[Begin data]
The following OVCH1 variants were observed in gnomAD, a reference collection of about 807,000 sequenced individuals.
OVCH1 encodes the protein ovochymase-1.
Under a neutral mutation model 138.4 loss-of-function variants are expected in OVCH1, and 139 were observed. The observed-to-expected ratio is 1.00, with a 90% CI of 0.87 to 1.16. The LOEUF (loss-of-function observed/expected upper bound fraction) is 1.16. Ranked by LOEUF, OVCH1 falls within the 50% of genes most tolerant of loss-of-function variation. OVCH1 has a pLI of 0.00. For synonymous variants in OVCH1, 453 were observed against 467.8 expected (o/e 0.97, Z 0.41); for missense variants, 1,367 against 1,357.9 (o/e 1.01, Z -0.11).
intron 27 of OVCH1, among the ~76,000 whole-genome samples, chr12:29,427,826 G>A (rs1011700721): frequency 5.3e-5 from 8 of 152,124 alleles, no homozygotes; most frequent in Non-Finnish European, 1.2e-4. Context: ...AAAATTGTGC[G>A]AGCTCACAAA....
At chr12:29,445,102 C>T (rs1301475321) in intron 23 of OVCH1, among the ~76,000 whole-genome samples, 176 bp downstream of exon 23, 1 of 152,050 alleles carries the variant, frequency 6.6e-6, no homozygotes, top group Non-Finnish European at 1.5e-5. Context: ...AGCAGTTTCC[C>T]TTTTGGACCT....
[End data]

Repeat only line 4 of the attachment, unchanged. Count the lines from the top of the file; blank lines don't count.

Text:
intron 27 of OVCH1, among the ~76,000 whole-genome samples, chr12:29,427,826 G>A (rs1011700721): frequency 5.3e-5 from 8 of 152,124 alleles, no homozygotes; most frequent in Non-Finnish European, 1.2e-4. Context: ...AAAATTGTGC[G>A]AGCTCACAAA....